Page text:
The NTIA has ruled out handing over to a government-led or inter-governmental organisation, but the US authorities hold all the cards, and can cling on until they see an acceptable proposal for the new regime.
It came as a hammer blow to Amazon. In July 2013, ICANN’s Governmental Advisory Committee (GAC) voted to kill off the e-commerce company’s application for the .amazon generic top-level domain (gTLD), based on objections from South American governments, mainly in Brazil and Peru. They were unhappy because the term clashed with the name of the Amazon region, which is also referred to as ‘Amazonas’ or ‘Amazonia’ locally.
With a final ICANN decision yet to arrive, there remains a sense among brand owners (not to mention Amazon itself) that the ruling was highly unfair. While the term ‘Amazonas’, which translates from Portuguese and Spanish as ‘Amazon’, did feature on ICANN’s list of territory names that required government approval to be applied for, ‘Amazon’ did not. In the eyes of IP owners, as well as other ICANN stakeholders, the GAC’s ruling made it abundantly clear how powerful the body has become.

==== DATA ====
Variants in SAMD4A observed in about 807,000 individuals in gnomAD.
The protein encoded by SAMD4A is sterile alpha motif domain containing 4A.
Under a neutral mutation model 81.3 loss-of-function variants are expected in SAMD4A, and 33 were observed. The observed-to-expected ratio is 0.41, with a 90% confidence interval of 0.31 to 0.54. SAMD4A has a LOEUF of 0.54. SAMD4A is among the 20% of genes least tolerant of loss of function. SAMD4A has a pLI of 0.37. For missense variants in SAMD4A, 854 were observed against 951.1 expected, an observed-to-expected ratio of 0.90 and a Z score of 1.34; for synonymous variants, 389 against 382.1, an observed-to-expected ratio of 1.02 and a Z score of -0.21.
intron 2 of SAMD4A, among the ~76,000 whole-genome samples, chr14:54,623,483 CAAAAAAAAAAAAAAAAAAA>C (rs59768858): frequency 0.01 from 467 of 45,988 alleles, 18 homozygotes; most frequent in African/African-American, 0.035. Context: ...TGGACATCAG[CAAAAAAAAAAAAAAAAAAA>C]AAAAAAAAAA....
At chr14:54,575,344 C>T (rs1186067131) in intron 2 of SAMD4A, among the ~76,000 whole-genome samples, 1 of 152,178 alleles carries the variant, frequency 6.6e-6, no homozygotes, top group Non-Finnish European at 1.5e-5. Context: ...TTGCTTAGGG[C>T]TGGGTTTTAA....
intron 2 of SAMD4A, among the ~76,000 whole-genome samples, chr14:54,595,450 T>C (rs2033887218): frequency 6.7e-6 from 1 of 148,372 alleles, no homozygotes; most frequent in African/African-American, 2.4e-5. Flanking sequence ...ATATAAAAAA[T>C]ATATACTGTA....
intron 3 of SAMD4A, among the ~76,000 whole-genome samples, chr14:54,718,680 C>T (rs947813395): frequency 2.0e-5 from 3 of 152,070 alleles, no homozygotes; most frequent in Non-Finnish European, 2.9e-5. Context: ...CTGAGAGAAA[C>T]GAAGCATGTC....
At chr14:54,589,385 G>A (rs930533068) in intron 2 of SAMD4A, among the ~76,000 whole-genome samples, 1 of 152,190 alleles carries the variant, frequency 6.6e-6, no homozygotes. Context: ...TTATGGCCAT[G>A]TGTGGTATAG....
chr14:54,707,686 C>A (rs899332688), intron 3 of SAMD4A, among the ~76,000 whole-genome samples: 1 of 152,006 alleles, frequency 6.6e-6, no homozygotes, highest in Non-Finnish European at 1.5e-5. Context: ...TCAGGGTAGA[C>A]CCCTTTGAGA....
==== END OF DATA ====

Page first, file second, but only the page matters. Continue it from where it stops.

The role and power of the GAC is coming into the limelight again, following the US government’s announcement that it will walk away from the contract that allows it to oversee ICANN. In March 2013, the National Telecommunications and Information Administration (NTIA) said its overnight of several internet functions—which, in essence, allow ICANN to carry out its role as the domain name system’s overseer—will be transferred to the “global multi-stakeholder community”.
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NTIA, Amazon, ICANN, gTLDs